The situation, he noted, had forced most of the children to go roaming the streets and exposing themselves to danger, and therefore urged the Tema Metropolitan Asssembly to take steps to protect the few open spaces left.”

Cities need shopping centres, but they need playgrounds too. Browse our Delicious bookmarks for more articles on child safety issues in Accra and beyond.

We invited a group of young Mmofra Foundation members to contribute their own ideas to the Playtime in Africa design charrette. After all, the park and library will be for them.
First of all, we invited them to come up with a definition of a charrette they could relate to…

Charrette definition

What does 'charrette' mean to you?

“A charrette is an intensive design and planning process which brings together people from different backgrounds to explore ideas for a particular site.”

Their input in gathering ideas and documenting the event was invaluable. You can see the outcomes of  these brainstorming sessions in our gallery of notes and sketches from the charrette.

Teenagers brainstorm at the Playtime in Africa charrette

Brainstorming about music features

Teenagers brainstorm music features at the Playtime in Africa charrette

Capturing ideas

Elisabeth Sutherland records a Playtime in Africa session

Recording the charrette discussions

Day two of the charrette coincided with a Mmofra Foundation session, giving visitors a glimpse of the energy and creative play the Playtime in Africa project is all about.
Schoolchildren enjoy a Mmofra session during the Playtime in Africa charrette

What it's all about - a Mmofra session during the charrette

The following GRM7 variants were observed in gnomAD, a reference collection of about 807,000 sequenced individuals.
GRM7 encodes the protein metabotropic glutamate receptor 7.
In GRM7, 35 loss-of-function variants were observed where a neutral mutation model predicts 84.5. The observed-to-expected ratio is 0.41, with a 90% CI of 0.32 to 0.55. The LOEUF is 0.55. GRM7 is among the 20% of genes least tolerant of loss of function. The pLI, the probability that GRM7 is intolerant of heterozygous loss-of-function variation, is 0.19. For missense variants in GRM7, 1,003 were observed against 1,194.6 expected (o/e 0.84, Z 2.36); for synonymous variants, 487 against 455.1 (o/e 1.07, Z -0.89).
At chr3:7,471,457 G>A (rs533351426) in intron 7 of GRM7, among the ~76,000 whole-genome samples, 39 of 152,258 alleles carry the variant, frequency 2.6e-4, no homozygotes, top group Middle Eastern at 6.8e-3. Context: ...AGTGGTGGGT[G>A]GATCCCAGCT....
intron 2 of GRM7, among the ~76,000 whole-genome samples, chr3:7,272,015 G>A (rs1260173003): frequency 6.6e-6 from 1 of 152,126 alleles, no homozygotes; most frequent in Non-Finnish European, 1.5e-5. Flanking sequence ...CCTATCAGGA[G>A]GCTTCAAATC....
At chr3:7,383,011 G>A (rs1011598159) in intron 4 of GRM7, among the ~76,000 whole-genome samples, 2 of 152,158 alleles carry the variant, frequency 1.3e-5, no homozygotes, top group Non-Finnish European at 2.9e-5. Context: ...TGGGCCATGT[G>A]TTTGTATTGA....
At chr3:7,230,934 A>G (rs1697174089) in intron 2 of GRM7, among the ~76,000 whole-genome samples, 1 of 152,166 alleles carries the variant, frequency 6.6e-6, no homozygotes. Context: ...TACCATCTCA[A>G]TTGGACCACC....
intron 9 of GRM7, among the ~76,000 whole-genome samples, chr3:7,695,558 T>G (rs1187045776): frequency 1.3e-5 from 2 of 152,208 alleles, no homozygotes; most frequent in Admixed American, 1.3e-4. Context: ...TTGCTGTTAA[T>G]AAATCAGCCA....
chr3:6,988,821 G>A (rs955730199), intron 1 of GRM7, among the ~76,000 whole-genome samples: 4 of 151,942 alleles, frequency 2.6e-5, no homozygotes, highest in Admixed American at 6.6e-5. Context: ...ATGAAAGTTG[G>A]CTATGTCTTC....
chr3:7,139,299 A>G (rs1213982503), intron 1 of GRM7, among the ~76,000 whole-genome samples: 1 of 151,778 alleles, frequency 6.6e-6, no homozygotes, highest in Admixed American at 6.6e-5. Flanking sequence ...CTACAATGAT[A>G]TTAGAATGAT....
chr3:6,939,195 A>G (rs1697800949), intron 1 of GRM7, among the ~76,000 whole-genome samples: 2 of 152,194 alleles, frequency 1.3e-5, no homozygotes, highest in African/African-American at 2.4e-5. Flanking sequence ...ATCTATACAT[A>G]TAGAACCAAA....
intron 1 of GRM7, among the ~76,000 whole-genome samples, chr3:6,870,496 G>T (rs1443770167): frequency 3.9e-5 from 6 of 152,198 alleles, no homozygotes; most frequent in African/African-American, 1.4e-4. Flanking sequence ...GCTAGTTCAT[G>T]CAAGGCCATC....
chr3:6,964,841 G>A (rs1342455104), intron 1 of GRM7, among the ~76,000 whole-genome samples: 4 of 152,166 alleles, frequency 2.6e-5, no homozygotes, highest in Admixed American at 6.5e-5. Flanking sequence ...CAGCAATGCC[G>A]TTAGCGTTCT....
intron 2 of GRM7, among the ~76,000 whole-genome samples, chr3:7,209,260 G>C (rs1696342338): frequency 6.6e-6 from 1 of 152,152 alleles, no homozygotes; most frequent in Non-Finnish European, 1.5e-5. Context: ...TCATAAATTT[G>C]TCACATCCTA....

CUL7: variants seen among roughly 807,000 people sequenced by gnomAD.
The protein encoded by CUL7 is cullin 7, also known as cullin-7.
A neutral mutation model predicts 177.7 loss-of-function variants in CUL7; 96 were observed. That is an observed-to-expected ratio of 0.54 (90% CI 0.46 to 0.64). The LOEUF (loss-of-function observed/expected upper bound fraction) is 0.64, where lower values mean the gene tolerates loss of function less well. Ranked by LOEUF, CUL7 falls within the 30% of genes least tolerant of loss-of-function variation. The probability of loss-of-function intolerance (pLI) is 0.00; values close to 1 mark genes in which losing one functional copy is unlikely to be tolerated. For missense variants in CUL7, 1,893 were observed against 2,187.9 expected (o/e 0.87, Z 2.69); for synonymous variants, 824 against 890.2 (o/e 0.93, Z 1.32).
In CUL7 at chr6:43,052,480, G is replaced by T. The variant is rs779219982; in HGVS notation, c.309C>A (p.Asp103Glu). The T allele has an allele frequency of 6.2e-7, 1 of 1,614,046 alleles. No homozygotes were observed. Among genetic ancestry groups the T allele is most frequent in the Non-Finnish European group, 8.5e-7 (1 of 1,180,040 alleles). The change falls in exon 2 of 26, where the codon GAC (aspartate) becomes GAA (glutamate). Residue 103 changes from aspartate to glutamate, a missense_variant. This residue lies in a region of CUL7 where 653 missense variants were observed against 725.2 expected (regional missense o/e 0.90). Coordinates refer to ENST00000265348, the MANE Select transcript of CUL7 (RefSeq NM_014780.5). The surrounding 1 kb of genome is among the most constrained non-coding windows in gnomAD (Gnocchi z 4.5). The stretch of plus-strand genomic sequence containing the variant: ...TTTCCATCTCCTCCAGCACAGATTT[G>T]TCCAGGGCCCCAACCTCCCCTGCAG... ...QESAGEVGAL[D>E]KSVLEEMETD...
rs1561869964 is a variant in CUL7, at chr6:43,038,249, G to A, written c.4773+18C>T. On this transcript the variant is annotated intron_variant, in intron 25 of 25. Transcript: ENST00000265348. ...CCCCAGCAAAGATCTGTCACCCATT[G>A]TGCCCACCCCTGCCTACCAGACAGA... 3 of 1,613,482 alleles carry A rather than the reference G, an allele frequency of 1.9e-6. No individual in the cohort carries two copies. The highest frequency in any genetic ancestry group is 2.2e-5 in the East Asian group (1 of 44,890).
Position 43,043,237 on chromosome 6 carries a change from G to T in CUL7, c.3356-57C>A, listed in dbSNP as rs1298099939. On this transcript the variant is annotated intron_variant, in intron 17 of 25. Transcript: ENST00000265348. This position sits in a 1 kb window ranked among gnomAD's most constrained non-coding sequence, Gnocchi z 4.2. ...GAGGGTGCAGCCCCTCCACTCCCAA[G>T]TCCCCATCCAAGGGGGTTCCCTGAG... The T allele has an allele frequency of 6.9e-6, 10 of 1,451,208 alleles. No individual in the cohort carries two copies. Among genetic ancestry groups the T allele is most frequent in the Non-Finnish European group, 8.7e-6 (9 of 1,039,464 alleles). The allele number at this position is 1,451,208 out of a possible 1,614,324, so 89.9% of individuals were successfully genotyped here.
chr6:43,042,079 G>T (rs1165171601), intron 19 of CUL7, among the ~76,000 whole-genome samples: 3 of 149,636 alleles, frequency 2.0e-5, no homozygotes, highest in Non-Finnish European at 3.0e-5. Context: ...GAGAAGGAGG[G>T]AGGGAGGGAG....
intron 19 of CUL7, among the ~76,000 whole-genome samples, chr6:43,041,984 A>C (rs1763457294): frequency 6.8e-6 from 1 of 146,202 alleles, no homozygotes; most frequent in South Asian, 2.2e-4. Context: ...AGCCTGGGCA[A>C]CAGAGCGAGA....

Youth facilitator Elisabeth found time between directing sessions of Summer Shakespeare Ghana, a Mmofra sponsored project, to animate the teen design huddle and lead the report-back .  Mmofra alum David dropped by to help out as well.

Now that you’ve seen the official outcome of our Playtime in Africa charrette, we thought we’d share some of our participants’ own notes and sketches from the event.
From architects’ drawings to teenagers’ brainstorms, these documents record creative reflection, discussion and collaboration between people of all ages, disciplines and walks of life – just what we needed to kick the project into gear.
Getting started
Architect Stacey McMahan’s notes from the public discussion on day one capture some of the problems and potential solutions that underpin the Playtime in Africa project.

Stacey McMahan's Playtime in Africa journal Two pages from Stacey McMahan's Playtime in Africa journal

Stacey McMahan's Playtime in Africa journal A page from Stacey McMahan's Playtime in Africa notebook

Working together
Local teenagers brainstormed ideas for the concepts ‘Park’ and ‘Play’, and explored particular site features, including musical elements and treehouses…

Brainstorm notes from the Playtime in Africa charrette - Tree feature ideas Brainstorm notes from the Playtime in Africa charrette - Play ideas

Brainstorm notes from the Playtime in Africa project - Park ideas Musical play elements - group brainstorm notes from the Playtime in Africa charrette

…while another team collected ideas for facilities, services and outdoor space possibilities.

Ralph Sutherland helps take notes during a Playtime in Africa brainstorm sessionFlipchart list: facilities and services

Stacey McMahan takes notes on outdoor space at the Playtime in Africa charrette Flipchart notes: Outdoor spaces - from the Playtime in Africa charrette

Mapping it out